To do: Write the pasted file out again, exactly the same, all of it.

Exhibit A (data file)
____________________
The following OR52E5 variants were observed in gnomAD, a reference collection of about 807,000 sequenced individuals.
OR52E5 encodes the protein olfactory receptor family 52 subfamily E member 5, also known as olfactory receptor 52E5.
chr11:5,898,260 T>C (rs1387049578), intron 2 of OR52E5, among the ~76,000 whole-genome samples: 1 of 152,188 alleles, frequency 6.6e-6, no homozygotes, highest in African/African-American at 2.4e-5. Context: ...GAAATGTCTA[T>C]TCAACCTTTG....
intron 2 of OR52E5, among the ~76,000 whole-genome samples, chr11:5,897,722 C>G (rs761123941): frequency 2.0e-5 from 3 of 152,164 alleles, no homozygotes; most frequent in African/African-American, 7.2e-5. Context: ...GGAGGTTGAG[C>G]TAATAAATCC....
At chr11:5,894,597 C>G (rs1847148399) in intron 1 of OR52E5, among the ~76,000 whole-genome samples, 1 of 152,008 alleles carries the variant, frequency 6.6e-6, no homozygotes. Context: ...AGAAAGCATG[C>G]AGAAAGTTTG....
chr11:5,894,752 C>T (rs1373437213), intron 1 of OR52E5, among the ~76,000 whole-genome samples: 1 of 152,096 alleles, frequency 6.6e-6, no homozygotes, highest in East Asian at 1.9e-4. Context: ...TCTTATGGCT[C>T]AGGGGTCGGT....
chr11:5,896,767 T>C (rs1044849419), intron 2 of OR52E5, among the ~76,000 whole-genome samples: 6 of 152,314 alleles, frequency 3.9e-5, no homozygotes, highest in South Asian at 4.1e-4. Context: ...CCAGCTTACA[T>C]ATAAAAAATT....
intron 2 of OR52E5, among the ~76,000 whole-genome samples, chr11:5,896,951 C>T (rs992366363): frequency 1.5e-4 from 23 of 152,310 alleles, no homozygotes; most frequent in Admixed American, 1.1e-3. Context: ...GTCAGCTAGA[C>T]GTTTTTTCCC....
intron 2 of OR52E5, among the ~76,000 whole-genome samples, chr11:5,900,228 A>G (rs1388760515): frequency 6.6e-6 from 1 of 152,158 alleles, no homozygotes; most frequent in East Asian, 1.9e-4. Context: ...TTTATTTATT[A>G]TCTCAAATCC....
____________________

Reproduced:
The following OR52E5 variants were observed in gnomAD, a reference collection of about 807,000 sequenced individuals.
OR52E5 encodes the protein olfactory receptor family 52 subfamily E member 5, also known as olfactory receptor 52E5.
chr11:5,898,260 T>C (rs1387049578), intron 2 of OR52E5, among the ~76,000 whole-genome samples: 1 of 152,188 alleles, frequency 6.6e-6, no homozygotes, highest in African/African-American at 2.4e-5. Context: ...GAAATGTCTA[T>C]TCAACCTTTG....
intron 2 of OR52E5, among the ~76,000 whole-genome samples, chr11:5,897,722 C>G (rs761123941): frequency 2.0e-5 from 3 of 152,164 alleles, no homozygotes; most frequent in African/African-American, 7.2e-5. Context: ...GGAGGTTGAG[C>G]TAATAAATCC....
At chr11:5,894,597 C>G (rs1847148399) in intron 1 of OR52E5, among the ~76,000 whole-genome samples, 1 of 152,008 alleles carries the variant, frequency 6.6e-6, no homozygotes. Context: ...AGAAAGCATG[C>G]AGAAAGTTTG....
chr11:5,894,752 C>T (rs1373437213), intron 1 of OR52E5, among the ~76,000 whole-genome samples: 1 of 152,096 alleles, frequency 6.6e-6, no homozygotes, highest in East Asian at 1.9e-4. Context: ...TCTTATGGCT[C>T]AGGGGTCGGT....
chr11:5,896,767 T>C (rs1044849419), intron 2 of OR52E5, among the ~76,000 whole-genome samples: 6 of 152,314 alleles, frequency 3.9e-5, no homozygotes, highest in South Asian at 4.1e-4. Context: ...CCAGCTTACA[T>C]ATAAAAAATT....
intron 2 of OR52E5, among the ~76,000 whole-genome samples, chr11:5,896,951 C>T (rs992366363): frequency 1.5e-4 from 23 of 152,310 alleles, no homozygotes; most frequent in Admixed American, 1.1e-3. Context: ...GTCAGCTAGA[C>T]GTTTTTTCCC....
intron 2 of OR52E5, among the ~76,000 whole-genome samples, chr11:5,900,228 A>G (rs1388760515): frequency 6.6e-6 from 1 of 152,158 alleles, no homozygotes; most frequent in East Asian, 1.9e-4. Context: ...TTTATTTATT[A>G]TCTCAAATCC....